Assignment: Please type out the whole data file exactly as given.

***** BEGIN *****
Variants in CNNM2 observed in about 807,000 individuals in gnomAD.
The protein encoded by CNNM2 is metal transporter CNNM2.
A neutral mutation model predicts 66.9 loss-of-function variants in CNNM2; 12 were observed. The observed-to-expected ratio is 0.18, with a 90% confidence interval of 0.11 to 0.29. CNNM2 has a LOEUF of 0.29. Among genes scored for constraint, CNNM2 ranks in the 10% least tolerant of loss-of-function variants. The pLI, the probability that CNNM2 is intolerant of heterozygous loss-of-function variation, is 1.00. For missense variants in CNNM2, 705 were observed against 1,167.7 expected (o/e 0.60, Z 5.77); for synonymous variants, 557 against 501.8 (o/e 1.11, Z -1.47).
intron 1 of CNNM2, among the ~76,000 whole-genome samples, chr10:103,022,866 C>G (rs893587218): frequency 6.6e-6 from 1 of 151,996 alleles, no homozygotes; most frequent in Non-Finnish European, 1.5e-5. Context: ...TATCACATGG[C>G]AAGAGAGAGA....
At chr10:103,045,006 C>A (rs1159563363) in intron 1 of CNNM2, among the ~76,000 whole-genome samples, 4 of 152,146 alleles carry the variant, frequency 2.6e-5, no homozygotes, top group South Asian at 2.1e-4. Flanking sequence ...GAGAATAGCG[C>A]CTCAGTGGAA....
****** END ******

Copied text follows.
Variants in CNNM2 observed in about 807,000 individuals in gnomAD.
The protein encoded by CNNM2 is metal transporter CNNM2.
A neutral mutation model predicts 66.9 loss-of-function variants in CNNM2; 12 were observed. The observed-to-expected ratio is 0.18, with a 90% confidence interval of 0.11 to 0.29. CNNM2 has a LOEUF of 0.29. Among genes scored for constraint, CNNM2 ranks in the 10% least tolerant of loss-of-function variants. The pLI, the probability that CNNM2 is intolerant of heterozygous loss-of-function variation, is 1.00. For missense variants in CNNM2, 705 were observed against 1,167.7 expected (o/e 0.60, Z 5.77); for synonymous variants, 557 against 501.8 (o/e 1.11, Z -1.47).
intron 1 of CNNM2, among the ~76,000 whole-genome samples, chr10:103,022,866 C>G (rs893587218): frequency 6.6e-6 from 1 of 151,996 alleles, no homozygotes; most frequent in Non-Finnish European, 1.5e-5. Context: ...TATCACATGG[C>G]AAGAGAGAGA....
At chr10:103,045,006 C>A (rs1159563363) in intron 1 of CNNM2, among the ~76,000 whole-genome samples, 4 of 152,146 alleles carry the variant, frequency 2.6e-5, no homozygotes, top group South Asian at 2.1e-4. Flanking sequence ...GAGAATAGCG[C>A]CTCAGTGGAA....